"We have taken a position that if we don't have it right, we don't have it," Gabordi said. "Sometimes we do make mistakes. We're human. But we fix it if we get it wrong."
Review: Steven Spielberg's 'The Post' dazzles with terrific cast, journalistic bent
Kay Sanders of Merritt Island wanted to know where do journalists get their credentials? She said she's in the medical field and has to have licensing and proof of continuing education.
"Where do we get verification that you're telling us the truth?" she said.
"The United States is one of the few places where there is no credentialing for journalists," Gabordi said. "That's because of the First Amendment."img itemprop="url" src="https://www.gannett-cdn.com/-mm-/e809edbfd358f5fa0401d40ae8e4b3aea8b2087e/c=58-0-965-682&r=x408&c=540x405/local/-/media/2018/01/25/Brevard/Brevard/636525214554948854-GettyImages-893144544.jpg" alt='Actress Meryl Streep arrives for the premiere of "The' width="540" height="405" data-mycapture-src="https://www.gannett-cdn.com/media/2018/01/25/Brevard/Brevard/636525214554948854-GettyImages-893144544.jpg" data-mycapture-sm-src="https://www.gannett-cdn.com/-mm-/4044b1e7645488621f157de466cf1a990870caa2/r=500x333/local/-/media/2018/01/25/Brevard/Brevard/636525214554948854-GettyImages-893144544.jpg"">>
Actress Meryl Streep arrives for the premiere of "The Post" on December 14, 2017, in Washington, DC. / AFP PHOTO / Mandel NGAN (Photo credit should read MANDEL NGAN/AFP/Getty Images) (Photo: AFP Contributor, AFP/Getty Images)
In other countries, journalists must be licensed by the government, which could cause ethical problems when covering the government.
"You're going to have to make judgments," he said. "I look for really smart people who know how to think and have a bit of courage" when hiring.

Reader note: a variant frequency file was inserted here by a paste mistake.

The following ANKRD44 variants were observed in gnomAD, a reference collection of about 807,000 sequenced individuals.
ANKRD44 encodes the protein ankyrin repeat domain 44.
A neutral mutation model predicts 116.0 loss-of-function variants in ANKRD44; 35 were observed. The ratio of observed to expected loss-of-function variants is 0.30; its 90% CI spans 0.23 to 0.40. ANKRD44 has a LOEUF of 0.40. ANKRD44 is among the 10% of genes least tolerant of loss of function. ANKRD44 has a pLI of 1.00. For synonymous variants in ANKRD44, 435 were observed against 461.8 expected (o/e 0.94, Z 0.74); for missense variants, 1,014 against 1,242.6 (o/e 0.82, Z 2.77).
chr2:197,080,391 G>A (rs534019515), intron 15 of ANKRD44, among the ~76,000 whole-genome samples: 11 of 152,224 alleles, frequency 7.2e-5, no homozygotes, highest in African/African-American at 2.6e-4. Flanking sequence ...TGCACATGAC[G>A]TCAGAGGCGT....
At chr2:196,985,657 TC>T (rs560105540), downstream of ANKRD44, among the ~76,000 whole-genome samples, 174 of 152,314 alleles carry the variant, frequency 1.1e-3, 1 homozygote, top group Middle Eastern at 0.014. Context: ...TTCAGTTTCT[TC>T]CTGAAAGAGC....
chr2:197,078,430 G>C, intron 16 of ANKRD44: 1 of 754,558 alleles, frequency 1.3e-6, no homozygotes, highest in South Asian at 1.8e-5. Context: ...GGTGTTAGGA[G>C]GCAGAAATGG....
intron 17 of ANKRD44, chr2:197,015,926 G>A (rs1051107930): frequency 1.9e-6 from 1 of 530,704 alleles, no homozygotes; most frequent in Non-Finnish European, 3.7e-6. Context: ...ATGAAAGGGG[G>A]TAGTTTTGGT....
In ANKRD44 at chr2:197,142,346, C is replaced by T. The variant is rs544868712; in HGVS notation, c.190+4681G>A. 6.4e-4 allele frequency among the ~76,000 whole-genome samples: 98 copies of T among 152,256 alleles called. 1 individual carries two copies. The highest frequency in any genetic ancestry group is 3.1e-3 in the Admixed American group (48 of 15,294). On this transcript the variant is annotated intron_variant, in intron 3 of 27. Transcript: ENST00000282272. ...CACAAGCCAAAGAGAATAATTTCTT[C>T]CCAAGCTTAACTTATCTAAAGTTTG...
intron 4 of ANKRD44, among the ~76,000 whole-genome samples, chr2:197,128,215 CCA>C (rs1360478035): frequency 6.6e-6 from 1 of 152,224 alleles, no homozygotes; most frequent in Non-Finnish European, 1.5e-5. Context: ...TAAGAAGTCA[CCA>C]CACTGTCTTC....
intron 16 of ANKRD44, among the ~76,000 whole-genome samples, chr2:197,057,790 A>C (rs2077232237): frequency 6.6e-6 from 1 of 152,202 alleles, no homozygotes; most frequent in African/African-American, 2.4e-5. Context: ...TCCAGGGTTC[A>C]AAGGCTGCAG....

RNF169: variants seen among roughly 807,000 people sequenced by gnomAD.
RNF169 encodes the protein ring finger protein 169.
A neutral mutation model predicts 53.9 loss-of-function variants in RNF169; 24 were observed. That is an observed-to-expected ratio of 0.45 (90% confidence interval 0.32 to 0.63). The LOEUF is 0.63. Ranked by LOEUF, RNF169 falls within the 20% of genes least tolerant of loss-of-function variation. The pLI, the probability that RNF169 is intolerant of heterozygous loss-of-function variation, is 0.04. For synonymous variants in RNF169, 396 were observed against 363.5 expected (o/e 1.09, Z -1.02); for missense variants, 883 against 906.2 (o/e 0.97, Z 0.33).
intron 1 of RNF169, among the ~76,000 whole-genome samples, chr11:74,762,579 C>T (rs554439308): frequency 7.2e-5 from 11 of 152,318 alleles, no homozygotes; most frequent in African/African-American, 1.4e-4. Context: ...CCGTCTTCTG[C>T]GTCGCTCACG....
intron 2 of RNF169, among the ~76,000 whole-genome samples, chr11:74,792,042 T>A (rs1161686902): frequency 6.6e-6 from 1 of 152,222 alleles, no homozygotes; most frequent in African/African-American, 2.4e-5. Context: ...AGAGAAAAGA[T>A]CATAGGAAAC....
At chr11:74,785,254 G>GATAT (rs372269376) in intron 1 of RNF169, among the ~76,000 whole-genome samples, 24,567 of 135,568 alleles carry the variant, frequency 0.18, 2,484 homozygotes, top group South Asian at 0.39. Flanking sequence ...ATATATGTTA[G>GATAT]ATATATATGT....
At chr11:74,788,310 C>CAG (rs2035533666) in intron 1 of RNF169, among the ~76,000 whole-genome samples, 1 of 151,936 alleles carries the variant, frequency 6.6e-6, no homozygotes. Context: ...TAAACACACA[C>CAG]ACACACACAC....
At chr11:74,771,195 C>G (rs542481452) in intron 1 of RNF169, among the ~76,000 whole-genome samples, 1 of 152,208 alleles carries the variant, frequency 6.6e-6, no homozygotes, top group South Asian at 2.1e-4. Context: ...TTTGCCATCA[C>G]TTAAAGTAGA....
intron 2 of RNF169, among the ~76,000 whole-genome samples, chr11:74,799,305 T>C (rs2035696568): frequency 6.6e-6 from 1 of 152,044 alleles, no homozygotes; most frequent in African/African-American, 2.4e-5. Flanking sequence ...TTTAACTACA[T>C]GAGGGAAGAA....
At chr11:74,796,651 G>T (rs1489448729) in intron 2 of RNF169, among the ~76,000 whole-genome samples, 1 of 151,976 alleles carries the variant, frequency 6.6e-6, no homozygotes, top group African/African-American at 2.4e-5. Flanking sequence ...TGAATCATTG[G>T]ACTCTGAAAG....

Journalists bring some of the public's distrust upon themselves, Sanders said. Using unnamed sources, for example, doesn't come across as legitimate.
That's one thing that wasn't accurate in the movie, Gabordi said. FLORIDA TODAY reporters rarely use unnamed sources, and if one is used, Gabordi will always know who it is.
"If you were subpoenaed, would you divulge that source?" asked Laura Petruska of Merritt Island.
"No," said Gabordi.
Things were different in the late 1960s and early 1970s. Bennett served in the Navy during Vietnam. He remembers getting spit on while walking through the airport.
Saunders said her husband returned from Vietnam distrusting the government.
"This country now supports our service people," Bennett said. "That's changing now."1968: Yearlong project captures the moments that transformed the nation
As the gathering began to disperse, Cheryl Bennett, Dail's wife, said she really enjoyed the "1968" piece that ran in FLORIDA TODAY earlier this week.
"That was fabulous," she said, adding that young people will read the series and get a better understanding of that era.
The "1968" series, which is a monthly project produced by the USA Today Network, and movies like "The Post" serve as reminders that turmoil and decisiveness are not just modern-day problems.
Email Leonard at email@example.com.
Source : http://www.poughkeepsiejournal.com/story/news/2018/01/25/post-brings-discussion/1067470001/1487